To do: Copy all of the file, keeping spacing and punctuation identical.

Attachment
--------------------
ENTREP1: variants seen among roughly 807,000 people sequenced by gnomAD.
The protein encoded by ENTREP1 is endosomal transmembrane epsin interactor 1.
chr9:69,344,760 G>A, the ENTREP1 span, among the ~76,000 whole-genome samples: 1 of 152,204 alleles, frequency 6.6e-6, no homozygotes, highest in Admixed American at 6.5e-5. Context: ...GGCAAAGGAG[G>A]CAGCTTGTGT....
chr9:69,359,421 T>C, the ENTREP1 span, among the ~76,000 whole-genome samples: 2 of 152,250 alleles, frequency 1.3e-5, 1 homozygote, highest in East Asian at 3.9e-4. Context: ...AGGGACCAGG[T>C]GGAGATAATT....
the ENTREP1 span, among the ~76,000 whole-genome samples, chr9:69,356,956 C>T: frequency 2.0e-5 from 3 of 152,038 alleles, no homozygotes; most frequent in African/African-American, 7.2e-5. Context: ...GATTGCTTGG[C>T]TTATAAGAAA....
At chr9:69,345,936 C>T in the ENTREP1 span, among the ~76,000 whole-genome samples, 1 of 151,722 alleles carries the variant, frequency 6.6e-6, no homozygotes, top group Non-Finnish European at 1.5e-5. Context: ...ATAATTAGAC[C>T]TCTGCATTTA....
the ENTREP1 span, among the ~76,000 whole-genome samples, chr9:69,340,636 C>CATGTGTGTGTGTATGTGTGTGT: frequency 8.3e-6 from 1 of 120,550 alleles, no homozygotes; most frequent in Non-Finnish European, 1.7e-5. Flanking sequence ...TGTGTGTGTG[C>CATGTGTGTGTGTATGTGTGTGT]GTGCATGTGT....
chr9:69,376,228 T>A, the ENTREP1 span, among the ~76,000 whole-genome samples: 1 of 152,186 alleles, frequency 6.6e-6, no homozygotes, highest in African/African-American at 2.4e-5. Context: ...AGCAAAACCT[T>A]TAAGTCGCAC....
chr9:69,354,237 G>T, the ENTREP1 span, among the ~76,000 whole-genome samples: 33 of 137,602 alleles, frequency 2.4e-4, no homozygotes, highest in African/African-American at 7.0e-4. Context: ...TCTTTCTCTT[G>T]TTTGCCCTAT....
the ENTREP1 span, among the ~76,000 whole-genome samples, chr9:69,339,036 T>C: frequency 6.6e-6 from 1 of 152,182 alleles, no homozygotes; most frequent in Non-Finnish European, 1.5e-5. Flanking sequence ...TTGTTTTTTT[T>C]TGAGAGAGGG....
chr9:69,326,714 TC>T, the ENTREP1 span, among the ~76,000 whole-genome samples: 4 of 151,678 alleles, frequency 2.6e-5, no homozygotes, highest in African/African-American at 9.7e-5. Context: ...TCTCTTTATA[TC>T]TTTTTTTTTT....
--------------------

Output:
ENTREP1: variants seen among roughly 807,000 people sequenced by gnomAD.
The protein encoded by ENTREP1 is endosomal transmembrane epsin interactor 1.
chr9:69,344,760 G>A, the ENTREP1 span, among the ~76,000 whole-genome samples: 1 of 152,204 alleles, frequency 6.6e-6, no homozygotes, highest in Admixed American at 6.5e-5. Context: ...GGCAAAGGAG[G>A]CAGCTTGTGT....
chr9:69,359,421 T>C, the ENTREP1 span, among the ~76,000 whole-genome samples: 2 of 152,250 alleles, frequency 1.3e-5, 1 homozygote, highest in East Asian at 3.9e-4. Context: ...AGGGACCAGG[T>C]GGAGATAATT....
the ENTREP1 span, among the ~76,000 whole-genome samples, chr9:69,356,956 C>T: frequency 2.0e-5 from 3 of 152,038 alleles, no homozygotes; most frequent in African/African-American, 7.2e-5. Context: ...GATTGCTTGG[C>T]TTATAAGAAA....
At chr9:69,345,936 C>T in the ENTREP1 span, among the ~76,000 whole-genome samples, 1 of 151,722 alleles carries the variant, frequency 6.6e-6, no homozygotes, top group Non-Finnish European at 1.5e-5. Context: ...ATAATTAGAC[C>T]TCTGCATTTA....
the ENTREP1 span, among the ~76,000 whole-genome samples, chr9:69,340,636 C>CATGTGTGTGTGTATGTGTGTGT: frequency 8.3e-6 from 1 of 120,550 alleles, no homozygotes; most frequent in Non-Finnish European, 1.7e-5. Flanking sequence ...TGTGTGTGTG[C>CATGTGTGTGTGTATGTGTGTGT]GTGCATGTGT....
chr9:69,376,228 T>A, the ENTREP1 span, among the ~76,000 whole-genome samples: 1 of 152,186 alleles, frequency 6.6e-6, no homozygotes, highest in African/African-American at 2.4e-5. Context: ...AGCAAAACCT[T>A]TAAGTCGCAC....
chr9:69,354,237 G>T, the ENTREP1 span, among the ~76,000 whole-genome samples: 33 of 137,602 alleles, frequency 2.4e-4, no homozygotes, highest in African/African-American at 7.0e-4. Context: ...TCTTTCTCTT[G>T]TTTGCCCTAT....
the ENTREP1 span, among the ~76,000 whole-genome samples, chr9:69,339,036 T>C: frequency 6.6e-6 from 1 of 152,182 alleles, no homozygotes; most frequent in Non-Finnish European, 1.5e-5. Flanking sequence ...TTGTTTTTTT[T>C]TGAGAGAGGG....
chr9:69,326,714 TC>T, the ENTREP1 span, among the ~76,000 whole-genome samples: 4 of 151,678 alleles, frequency 2.6e-5, no homozygotes, highest in African/African-American at 9.7e-5. Context: ...TCTCTTTATA[TC>T]TTTTTTTTTT....